In my work with leaders and teams, the bottom line is always productivity.  But what really makes you more productive?  People look to be productive through external processes such as streamlining their business, following tips for organizing and prioritizing, and changing the furniture around, and increasingly by internal processes such as trying to think positively, not sweat the small stuff, and calming your mind through meditation and other techniques. This is because there’s a growing awareness that the thing that interferes with your productivity the most is an overactive, stressed and busy mind.  As long as your mind is overactive, you’ll lack the mental clarity required to be really productive.

What’s missing in this picture is the awareness of something built into you that allows your mind to be calm, present, and as a consequence, productive.  Understanding this design for optimal mental functioning allows you to get before you create all that unnecessary thinking, which you are then trying to help with techniques like meditation.  Your mind is designed to be productive; you just have to understand the nature of its design.

The principles that revealed the fact of this innate design for mental clarity and productivity were discovered over 40 years ago by a man named Sydney Banks.   In essence, once you see the logic of these principles, it dissolves the illusion that you can experience anything outside of you – a busy work schedule, difficult boss, problems at home – and it becomes crystal clear that in fact the only thing you ever feel is your thinking in the moment about such events and circumstances.  This simple but essential shift in perception cuts out enormous amounts of unproductive thinking.  It’s the key to aligning with nature’s design for a productive mind.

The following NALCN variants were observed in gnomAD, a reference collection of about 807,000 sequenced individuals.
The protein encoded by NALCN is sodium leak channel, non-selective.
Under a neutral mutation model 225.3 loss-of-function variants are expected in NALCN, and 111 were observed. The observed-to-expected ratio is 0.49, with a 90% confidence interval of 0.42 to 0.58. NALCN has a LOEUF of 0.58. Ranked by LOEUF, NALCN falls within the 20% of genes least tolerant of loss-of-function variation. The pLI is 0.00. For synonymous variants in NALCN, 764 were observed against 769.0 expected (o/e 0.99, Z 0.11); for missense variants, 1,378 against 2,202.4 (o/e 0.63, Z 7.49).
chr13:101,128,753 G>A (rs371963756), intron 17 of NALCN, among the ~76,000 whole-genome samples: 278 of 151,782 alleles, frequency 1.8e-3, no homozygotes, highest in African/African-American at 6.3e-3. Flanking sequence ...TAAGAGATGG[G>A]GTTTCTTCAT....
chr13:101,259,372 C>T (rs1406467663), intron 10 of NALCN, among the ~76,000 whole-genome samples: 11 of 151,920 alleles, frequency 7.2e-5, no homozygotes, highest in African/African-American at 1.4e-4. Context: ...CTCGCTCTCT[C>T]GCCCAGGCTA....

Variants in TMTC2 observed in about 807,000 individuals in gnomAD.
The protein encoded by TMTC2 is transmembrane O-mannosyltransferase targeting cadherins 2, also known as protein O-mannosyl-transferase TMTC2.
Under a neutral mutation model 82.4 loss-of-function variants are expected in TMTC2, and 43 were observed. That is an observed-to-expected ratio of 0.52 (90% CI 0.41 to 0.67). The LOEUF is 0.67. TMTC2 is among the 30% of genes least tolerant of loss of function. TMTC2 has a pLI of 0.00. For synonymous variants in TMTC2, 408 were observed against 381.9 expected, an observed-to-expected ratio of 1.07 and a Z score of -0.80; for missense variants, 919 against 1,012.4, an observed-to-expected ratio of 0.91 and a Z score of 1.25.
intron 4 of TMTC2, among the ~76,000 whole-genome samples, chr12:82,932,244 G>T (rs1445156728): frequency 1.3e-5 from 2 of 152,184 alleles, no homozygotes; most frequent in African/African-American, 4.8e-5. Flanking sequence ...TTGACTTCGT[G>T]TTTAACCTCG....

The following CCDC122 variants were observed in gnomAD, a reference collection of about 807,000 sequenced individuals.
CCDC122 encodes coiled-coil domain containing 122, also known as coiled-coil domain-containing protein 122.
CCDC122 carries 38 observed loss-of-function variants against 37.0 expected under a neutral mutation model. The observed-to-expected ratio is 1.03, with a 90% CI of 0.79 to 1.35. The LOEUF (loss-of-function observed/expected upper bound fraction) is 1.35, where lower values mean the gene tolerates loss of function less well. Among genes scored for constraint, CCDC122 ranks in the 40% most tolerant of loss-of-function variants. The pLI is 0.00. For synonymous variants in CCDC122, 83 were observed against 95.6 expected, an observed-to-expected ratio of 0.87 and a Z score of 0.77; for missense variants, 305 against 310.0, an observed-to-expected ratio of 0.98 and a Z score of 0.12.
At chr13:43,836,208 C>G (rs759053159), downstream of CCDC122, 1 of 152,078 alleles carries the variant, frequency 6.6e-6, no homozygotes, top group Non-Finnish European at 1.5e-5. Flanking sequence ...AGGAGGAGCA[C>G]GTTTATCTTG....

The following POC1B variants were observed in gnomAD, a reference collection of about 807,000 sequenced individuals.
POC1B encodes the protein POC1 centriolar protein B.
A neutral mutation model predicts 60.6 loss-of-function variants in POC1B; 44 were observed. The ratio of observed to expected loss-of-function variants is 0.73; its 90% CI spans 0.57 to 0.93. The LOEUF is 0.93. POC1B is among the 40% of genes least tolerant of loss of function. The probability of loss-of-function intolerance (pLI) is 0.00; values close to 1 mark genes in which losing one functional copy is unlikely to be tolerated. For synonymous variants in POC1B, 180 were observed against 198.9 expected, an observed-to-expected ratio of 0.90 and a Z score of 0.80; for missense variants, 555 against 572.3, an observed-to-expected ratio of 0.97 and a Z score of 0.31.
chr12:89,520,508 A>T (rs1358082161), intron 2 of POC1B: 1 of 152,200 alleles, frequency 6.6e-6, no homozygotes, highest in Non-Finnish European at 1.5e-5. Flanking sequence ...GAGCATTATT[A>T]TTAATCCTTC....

My wish for every leader and team member is that you begin to experience the incredible power of this built-in system for mental calm, clarity and productivity.  Nature is so much better at designing things than we are!

Becoming Resilient In The Face Of Hackers

Becoming Resilient In The Face Of Hackers

Two months ago, some people I had hired to help me with my social media gained access to all my passwords and started hacking into all my accounts. What a wild ride it was, particularly in the beginning, before I found some people who knew how to help me fend off hackers.  I worked as quickly as I could for days on end, trying to change passwords before they got into various accounts.  They dismantled my new website, redirected my PayPal account to theirs, etc. etc.  I kept changing my passwords, only to find the next day that they had changed them to something else. I worked my way through this, learning to successfully hide my passwords, put 2 step verification on everything I needed to, and changing my passwords to really complicated ones.  When I noticed I was tense, I remembered where the tension was really coming from (thought in the moment about the hackers, though it sure looked like it was coming from them!).